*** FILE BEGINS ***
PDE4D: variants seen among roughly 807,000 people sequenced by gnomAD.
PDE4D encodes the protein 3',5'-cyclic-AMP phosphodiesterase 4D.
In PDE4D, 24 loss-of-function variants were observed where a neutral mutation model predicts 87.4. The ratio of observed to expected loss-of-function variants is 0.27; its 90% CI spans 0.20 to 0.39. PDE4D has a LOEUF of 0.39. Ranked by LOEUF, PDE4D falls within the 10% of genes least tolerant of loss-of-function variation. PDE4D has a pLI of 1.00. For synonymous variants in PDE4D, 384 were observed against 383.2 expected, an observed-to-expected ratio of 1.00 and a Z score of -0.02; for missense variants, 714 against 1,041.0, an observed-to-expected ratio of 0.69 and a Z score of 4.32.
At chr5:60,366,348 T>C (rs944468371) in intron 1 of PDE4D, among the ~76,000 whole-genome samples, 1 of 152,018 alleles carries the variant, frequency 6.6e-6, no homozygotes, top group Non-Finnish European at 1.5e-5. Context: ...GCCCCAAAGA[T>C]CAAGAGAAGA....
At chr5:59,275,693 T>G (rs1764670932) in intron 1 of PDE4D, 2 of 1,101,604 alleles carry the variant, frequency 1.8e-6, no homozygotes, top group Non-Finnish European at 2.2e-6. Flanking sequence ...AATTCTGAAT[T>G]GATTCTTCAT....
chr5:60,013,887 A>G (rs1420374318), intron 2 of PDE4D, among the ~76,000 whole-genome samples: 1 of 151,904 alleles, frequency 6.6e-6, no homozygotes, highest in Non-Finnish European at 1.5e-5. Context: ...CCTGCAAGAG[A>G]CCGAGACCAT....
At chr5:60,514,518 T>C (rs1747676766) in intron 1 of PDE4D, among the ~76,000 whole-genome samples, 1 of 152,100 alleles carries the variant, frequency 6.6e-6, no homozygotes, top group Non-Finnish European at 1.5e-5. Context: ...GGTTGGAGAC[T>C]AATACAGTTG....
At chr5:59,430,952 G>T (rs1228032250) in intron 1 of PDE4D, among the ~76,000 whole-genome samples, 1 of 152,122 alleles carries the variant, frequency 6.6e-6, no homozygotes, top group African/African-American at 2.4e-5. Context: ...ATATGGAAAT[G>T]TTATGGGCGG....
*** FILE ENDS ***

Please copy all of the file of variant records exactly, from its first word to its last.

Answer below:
PDE4D: variants seen among roughly 807,000 people sequenced by gnomAD.
PDE4D encodes the protein 3',5'-cyclic-AMP phosphodiesterase 4D.
In PDE4D, 24 loss-of-function variants were observed where a neutral mutation model predicts 87.4. The ratio of observed to expected loss-of-function variants is 0.27; its 90% CI spans 0.20 to 0.39. PDE4D has a LOEUF of 0.39. Ranked by LOEUF, PDE4D falls within the 10% of genes least tolerant of loss-of-function variation. PDE4D has a pLI of 1.00. For synonymous variants in PDE4D, 384 were observed against 383.2 expected, an observed-to-expected ratio of 1.00 and a Z score of -0.02; for missense variants, 714 against 1,041.0, an observed-to-expected ratio of 0.69 and a Z score of 4.32.
At chr5:60,366,348 T>C (rs944468371) in intron 1 of PDE4D, among the ~76,000 whole-genome samples, 1 of 152,018 alleles carries the variant, frequency 6.6e-6, no homozygotes, top group Non-Finnish European at 1.5e-5. Context: ...GCCCCAAAGA[T>C]CAAGAGAAGA....
At chr5:59,275,693 T>G (rs1764670932) in intron 1 of PDE4D, 2 of 1,101,604 alleles carry the variant, frequency 1.8e-6, no homozygotes, top group Non-Finnish European at 2.2e-6. Flanking sequence ...AATTCTGAAT[T>G]GATTCTTCAT....
chr5:60,013,887 A>G (rs1420374318), intron 2 of PDE4D, among the ~76,000 whole-genome samples: 1 of 151,904 alleles, frequency 6.6e-6, no homozygotes, highest in Non-Finnish European at 1.5e-5. Context: ...CCTGCAAGAG[A>G]CCGAGACCAT....
At chr5:60,514,518 T>C (rs1747676766) in intron 1 of PDE4D, among the ~76,000 whole-genome samples, 1 of 152,100 alleles carries the variant, frequency 6.6e-6, no homozygotes, top group Non-Finnish European at 1.5e-5. Context: ...GGTTGGAGAC[T>C]AATACAGTTG....
At chr5:59,430,952 G>T (rs1228032250) in intron 1 of PDE4D, among the ~76,000 whole-genome samples, 1 of 152,122 alleles carries the variant, frequency 6.6e-6, no homozygotes, top group African/African-American at 2.4e-5. Context: ...ATATGGAAAT[G>T]TTATGGGCGG....